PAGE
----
While most portable monitors use a single USB connection to get both power and data from your laptop, the 1305H takes a different approach. GeChic's screen uses a proprietary connector that attaches to a Y-cable, which has an HDMI connector for signal and a USB Type-A connector for power. This means that you need to have HDMI-out on your laptop and a wall outlet to juice the monitor. If you don't have the right ports (or dongles), or if you lose the proprietary wire, you're out of luck.
On the bright side, using HDMI for data allows you to connect the 1305H to any device that's capable of delivering a signal. That means that you can use this monitor with a Blu-ray player, set-top box or game console. If your camera has HDMI-out, you can use it as a live monitor for that too.
You can control the monitor's settings with the five buttons on its right, which include a power button, and the standard Menu, Back, Up and Down buttons you'll find on most monitors.
The monitor is fairly easy to mount in standard landscape mode, but its cover / stand feels flimsy and is difficult to position in portrait mode. The monitor uses its case as a stand, with a combination of rubber and magnets to keep it propped up on your desk. To stand the monitor up in landscape mode, you pull out a magnetic rubber kickstand, fold it back a couple of times and and stick it (using magnets) to a metal strip on the back of the case.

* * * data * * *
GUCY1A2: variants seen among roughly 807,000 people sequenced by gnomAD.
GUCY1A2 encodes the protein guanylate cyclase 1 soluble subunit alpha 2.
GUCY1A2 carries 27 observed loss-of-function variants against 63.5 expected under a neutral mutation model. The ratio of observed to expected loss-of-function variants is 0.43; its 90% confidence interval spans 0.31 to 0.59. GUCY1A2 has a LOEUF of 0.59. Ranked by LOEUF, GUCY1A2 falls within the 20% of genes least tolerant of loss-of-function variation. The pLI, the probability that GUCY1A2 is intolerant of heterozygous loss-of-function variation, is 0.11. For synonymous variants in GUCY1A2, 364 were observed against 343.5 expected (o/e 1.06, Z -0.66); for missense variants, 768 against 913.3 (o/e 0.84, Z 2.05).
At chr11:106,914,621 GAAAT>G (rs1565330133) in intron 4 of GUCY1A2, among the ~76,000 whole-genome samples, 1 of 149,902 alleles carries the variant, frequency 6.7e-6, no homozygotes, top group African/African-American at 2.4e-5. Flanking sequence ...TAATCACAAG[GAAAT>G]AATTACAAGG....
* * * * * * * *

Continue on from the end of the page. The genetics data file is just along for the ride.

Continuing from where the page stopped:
This kickstand looks really weak as you can see the adhesive holding the various pieces of rubber together. However, you can fold this tongue-like protrusion in a couple of different ways so you can choose between an angle of 40 and 80 degrees.
Setting the monitor to portrait mode was an exercise in frustration. In order to free the screen from its case, you first must rotate its magnetically attached clips (found on its top corners) away from the display, as these two pieces can easily fall off, leading you to think you broke it.
Not only are the strips a little difficult to reattach, but there are only a select few positions for those clips to sit so they don't fall off when you pry the display from its case. Sure, you can clip these back on, but they feel cheap and are small enough to easily get lost.